Submitted to: Arkansas Experiment Station Research Series
Publication Type: Other
Publication Acceptance Date: June 25, 2003
Publication Date: December 1, 2003
Citation: LOOPER, M.L., ROSENKRANS JR, C.F., AIKEN, G.E., EDRINGTON, T.S. ESCHERICHIA COLI AND SALMONELLA IN BEEF CATTLE GRAZING TALL FESCUE. ARKANSAS EXPERIMENT STATION RESEARCH SERIES. 2003. V. 509. P. 58-60. Interpretive Summary: Escherichia coli O157:H7 (EHEC) and Salmonella (SM) are two of the most common agents of foodborne illness in humans, and both bacteria have been isolated from beef cattle at all stages of production. Shedding of E. coli O157:H7 tended to be reduced in calves and was decreased in cows grazing endophyte-infected tall fescue. Knowledge of factors that may influence shedding of pathogenic bacteria, such as grazing endophyte-infected fescue, in cattle is necessary to decrease the incidence of bacteria-related illnesses in both cattle and the possible transmission of these bacteria to humans. This information is of interest to beef producers, extension personnel, and agricultural professionals who advise beef producers on beef management practices.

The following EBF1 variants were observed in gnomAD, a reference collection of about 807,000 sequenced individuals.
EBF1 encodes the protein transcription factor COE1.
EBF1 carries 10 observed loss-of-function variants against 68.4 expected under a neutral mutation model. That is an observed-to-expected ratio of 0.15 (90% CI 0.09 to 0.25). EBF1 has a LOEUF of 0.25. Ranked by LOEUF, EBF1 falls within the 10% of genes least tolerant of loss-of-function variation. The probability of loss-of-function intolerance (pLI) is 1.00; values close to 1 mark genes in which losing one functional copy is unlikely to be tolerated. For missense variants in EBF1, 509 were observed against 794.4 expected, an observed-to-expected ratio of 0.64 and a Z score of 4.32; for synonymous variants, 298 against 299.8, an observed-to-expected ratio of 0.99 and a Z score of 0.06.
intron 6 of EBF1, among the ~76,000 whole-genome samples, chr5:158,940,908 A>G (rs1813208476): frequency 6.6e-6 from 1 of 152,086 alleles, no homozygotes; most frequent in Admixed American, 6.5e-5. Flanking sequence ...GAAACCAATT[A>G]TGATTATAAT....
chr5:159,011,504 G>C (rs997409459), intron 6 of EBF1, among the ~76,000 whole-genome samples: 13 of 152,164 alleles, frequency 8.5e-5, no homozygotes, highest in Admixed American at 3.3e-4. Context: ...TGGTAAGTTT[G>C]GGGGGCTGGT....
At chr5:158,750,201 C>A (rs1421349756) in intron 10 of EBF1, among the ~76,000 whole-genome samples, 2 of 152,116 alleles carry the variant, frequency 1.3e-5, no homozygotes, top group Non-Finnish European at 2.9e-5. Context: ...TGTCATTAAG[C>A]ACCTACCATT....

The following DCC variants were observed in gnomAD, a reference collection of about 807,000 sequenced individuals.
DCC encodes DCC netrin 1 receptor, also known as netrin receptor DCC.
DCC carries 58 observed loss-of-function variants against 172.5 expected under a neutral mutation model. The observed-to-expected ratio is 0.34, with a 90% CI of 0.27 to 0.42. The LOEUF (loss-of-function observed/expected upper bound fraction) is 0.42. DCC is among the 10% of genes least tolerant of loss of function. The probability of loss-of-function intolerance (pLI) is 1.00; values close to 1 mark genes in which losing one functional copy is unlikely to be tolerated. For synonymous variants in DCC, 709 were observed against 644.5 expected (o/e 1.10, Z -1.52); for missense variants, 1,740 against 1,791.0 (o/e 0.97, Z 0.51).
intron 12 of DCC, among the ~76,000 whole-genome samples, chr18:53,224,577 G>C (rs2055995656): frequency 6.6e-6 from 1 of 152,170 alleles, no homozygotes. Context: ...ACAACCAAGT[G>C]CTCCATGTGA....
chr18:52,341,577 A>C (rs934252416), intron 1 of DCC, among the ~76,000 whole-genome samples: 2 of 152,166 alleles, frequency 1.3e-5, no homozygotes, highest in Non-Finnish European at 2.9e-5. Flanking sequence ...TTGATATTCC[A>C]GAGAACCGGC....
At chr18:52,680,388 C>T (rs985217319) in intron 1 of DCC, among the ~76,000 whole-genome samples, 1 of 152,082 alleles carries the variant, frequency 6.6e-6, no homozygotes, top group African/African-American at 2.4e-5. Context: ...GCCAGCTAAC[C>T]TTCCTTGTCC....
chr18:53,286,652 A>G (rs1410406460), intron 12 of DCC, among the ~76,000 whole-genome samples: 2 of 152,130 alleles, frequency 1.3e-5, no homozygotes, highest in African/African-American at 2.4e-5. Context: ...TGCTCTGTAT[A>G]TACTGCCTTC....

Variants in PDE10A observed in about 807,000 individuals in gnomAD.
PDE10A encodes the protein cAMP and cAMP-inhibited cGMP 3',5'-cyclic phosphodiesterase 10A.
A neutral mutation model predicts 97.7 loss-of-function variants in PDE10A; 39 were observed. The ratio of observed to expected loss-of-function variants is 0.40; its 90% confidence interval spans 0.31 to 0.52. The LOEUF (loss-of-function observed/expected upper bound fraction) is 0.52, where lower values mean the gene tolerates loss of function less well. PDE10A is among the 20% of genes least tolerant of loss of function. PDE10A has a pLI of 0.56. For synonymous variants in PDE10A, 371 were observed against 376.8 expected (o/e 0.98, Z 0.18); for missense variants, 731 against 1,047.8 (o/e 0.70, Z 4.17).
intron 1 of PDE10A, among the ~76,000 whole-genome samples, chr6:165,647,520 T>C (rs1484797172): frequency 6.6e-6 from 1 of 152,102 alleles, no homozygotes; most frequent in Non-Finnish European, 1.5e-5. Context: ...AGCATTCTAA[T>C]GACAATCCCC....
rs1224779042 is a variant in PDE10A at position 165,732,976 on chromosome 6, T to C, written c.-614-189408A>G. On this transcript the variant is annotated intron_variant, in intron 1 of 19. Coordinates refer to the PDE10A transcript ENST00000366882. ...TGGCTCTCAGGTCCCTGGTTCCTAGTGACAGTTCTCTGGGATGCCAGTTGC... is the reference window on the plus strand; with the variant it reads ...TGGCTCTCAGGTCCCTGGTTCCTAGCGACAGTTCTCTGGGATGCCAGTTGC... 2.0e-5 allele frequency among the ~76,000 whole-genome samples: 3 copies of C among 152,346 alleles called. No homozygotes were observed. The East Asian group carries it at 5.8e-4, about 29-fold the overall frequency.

Technical Abstract: Fecal samples were obtained from Angus x Hereford cows (n = 49) and spring-born calves (n = 45) grazing endophyte-infected (E+) tall fescue or non-infected (E-) tall fescue during the summer to examine the effects on shedding of Escherichia coli O157:H7 (EHEC) and Salmonella (SM). One-half of the male calves were treated with a steroid implant at 60 d prior to fecal collection. Body temperature was measured from cattle at time of fecal collection. Overall, incidence of EHEC shedding averaged 8.4 and 7.6% for calves and cows, respectively. Salmonella shedding was 4.8 and 0% for calves and cows, respectively. Cows grazing E+ fescue were shedding fewer (P < 0.05) EHEC than cows grazing E- (1.8% vs 17% for E+ and E- cows, respectively). Likewise, EHEC shedding tended (P = 0.11) to be reduced in E+ calves (4.3%) compared with E- calves (13.9%). In calves, type of fescue grazed did not influence (P > 0.10) the incidence of SM shedding. Cow shedding of either EHEC or SM did not influence (P > 0.10) calf shedding of bacteria. Shedding of EHEC and SM in calves was not influenced (P > 0.10) by sex of calf or implant status. Shedding of E. coli O157:H7 tended to be reduced in calves and was decreased in cows grazing endophyte-infected tall fescue.